Chapter 6: Wanders with Beef
Which was becoming more and more difficult. Eventually, I gave up and resigned ourselves to a slow walk. Looking around through the trees, I realized I had lost the main river. We were somewhere between it and the foothills above to the north. I knew from the topo map that this was generally the right direction, but the going was not how I imagined. Instead of strolling along a happy burbling river among tall shady trunks, we were walking through a thicket of young dense trees and brush under the hot sun. It was slow going.
Ahead, a large gully appeared. As we approached, the path disappeared below. At the bottom lay a wide deep stream. I was not about to flood my boots again, and urged Rocky across. He balked. I gave him a good kick and a loud “Choooo!” He gingerly stepped into the water, and immediately slipped on the smooth rocks. He lowered his head to see his feet, slowly stepping across. He slipped again, dropping his front quarters, and I nearly fell off over his head. What the heck was going on? I had crossed water before on Toroo’s horse a few weeks ago. But Rocky was having a lot of trouble. Perhaps he was overburdened? Perhaps he had poor sight? Perhaps one of his feet or hooves was bruised, and he couldn't tolerate the rocks? Probably all of the above, but it didn't matter. I had about as much clue as Carl Pilkington in An Idiot Abroad. The water became deeper; I lifted my legs up off the stirrups and balanced on my butt. Eventually we made it, Rocky scrambled up the opposite bank, and we were back on the trail. But it was disturbing.
The awesome Idiot Abroad
After a short ride, another stream. Another round of slipping and tripping. And then a 3rd stream! This was becoming a nightmare. Rocky was struggling, I decided to get off and lead him again. The trail meandered through the forest. I had been riding for 5 hours, about the most you want tire the horse on any given day. It was getting late. A cold breeze hit the back of my neck and the sunshine disappeared. I looked up. Storm clouds! Drops began coming down. I looked at my cheap black market Chinese tent and a knot formed in stomach. Please work tent. But then, just as I feared it might become another Doom Mountain, the clouds pulled back again. I was safe for a moment.
Where the hell was I? I had hoped to make it to the river leading north into the mountains by the end of the day, but I hadn't made it to the Tuul Gol yet. Ahead, the trail opened into a large meadow. As we rode into open space, the mountains finally reappeared to the north and south. Far away, I saw the mountains bend and gap open to the south. The Tuul Gol! Incredibly I was still far away. I couldn't believe how little ground I had covered. My plan had simply been to follow the Terelj river to the Tuul, but it was becoming clear that this would be difficult. Streams were appearing all over the place. I was starting to realize the confluence of these two rivers was actually a huge network of hundreds of branches all twisting and turning in different directions. It was more like a massive delta. I got off, hitched Rocky, and sat on a stump. What to do?! I wasn't lost technically, but it felt that way. I had no idea which way to go. The sun grew low in the sky, the shadows of distant trees played across the field. Getting to the confluence of the rivers would be difficult. The delta was very large, and it was out of the way really.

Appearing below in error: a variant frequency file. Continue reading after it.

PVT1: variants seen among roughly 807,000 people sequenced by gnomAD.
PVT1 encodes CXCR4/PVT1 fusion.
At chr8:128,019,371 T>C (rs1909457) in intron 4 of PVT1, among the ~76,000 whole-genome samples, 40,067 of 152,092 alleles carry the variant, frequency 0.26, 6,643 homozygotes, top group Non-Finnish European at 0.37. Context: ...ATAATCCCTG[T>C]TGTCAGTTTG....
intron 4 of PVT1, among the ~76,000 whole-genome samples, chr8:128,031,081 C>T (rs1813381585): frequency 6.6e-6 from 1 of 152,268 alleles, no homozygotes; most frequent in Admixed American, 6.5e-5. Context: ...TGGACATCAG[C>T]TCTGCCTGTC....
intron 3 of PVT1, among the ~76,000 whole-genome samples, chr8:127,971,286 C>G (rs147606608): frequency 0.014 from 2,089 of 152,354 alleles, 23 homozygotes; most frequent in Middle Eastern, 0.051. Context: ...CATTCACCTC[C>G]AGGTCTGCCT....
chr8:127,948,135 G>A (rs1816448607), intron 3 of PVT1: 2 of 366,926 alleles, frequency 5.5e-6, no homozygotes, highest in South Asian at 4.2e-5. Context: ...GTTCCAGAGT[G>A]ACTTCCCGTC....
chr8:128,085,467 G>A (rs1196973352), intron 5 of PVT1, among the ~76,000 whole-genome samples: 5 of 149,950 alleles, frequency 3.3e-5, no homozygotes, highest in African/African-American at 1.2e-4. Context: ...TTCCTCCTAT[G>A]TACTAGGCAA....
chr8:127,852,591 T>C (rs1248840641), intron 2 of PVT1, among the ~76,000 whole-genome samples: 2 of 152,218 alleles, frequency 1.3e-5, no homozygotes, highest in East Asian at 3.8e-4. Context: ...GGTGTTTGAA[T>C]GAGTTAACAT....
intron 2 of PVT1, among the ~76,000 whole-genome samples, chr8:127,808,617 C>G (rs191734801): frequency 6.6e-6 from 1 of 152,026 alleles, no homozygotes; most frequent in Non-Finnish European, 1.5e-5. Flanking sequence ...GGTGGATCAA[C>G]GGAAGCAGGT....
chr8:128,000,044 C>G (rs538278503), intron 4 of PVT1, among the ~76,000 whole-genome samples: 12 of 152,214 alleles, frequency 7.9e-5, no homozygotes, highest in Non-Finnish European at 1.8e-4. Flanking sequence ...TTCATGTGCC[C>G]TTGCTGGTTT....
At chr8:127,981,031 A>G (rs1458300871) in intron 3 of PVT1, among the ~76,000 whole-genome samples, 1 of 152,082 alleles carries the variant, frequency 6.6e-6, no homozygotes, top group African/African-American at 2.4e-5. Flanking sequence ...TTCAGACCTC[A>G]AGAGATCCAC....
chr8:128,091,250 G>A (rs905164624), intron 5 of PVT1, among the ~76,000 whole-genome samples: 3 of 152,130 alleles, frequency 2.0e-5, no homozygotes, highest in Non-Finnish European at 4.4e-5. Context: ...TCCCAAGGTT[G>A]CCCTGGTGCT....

|Much friendlier after they become steaks|
I surveyed the field. There were yaks and cows scattered everywhere. We had stumbled onto a ranch. This, of course, meant men were nearby. And possibly, thieves.
I couldn't go forward through this morass of rivlets and swamp. I couldn't stay near the herds. Dispirited, realizing I’d lost hours going the wrong way, I turned Rocky around and headed back north. Back to the foothills and high ground.
The fields faded behind as we re-entered the quickly darkening forest. Finally, through a small band of trees the foothills rose. But then a troubling sight. Smoke, rising up above the trees. I hitched Rocky and walked forward alone, peering through the brush. Ahead, a camp of 3 large gers, surrounded by a set of fences. A small herd of horses and cows lay inside the enclosures. It was the ranch.
I was out of time, it would be too dark soon to set up camp, and Rocky and I were both exhausted from the hard day’s slog. Suddenly, I heard a pattering sound on my hat. I looked up and got nailed in the eye by a fat raindrop. Perfect timing, rain. You really know when to strike.
After a short ride north the trees, I spotted an opening. Just to the right lay a large clearing, full of grass for Rocky to eat. It was protectively enveloped by a bend in the nearby stream, and cloaked by tall hedges. In the center of the clearing stood a thick tree. It was actually a perfect campsite. I would just have to risk the proximity to the ranch.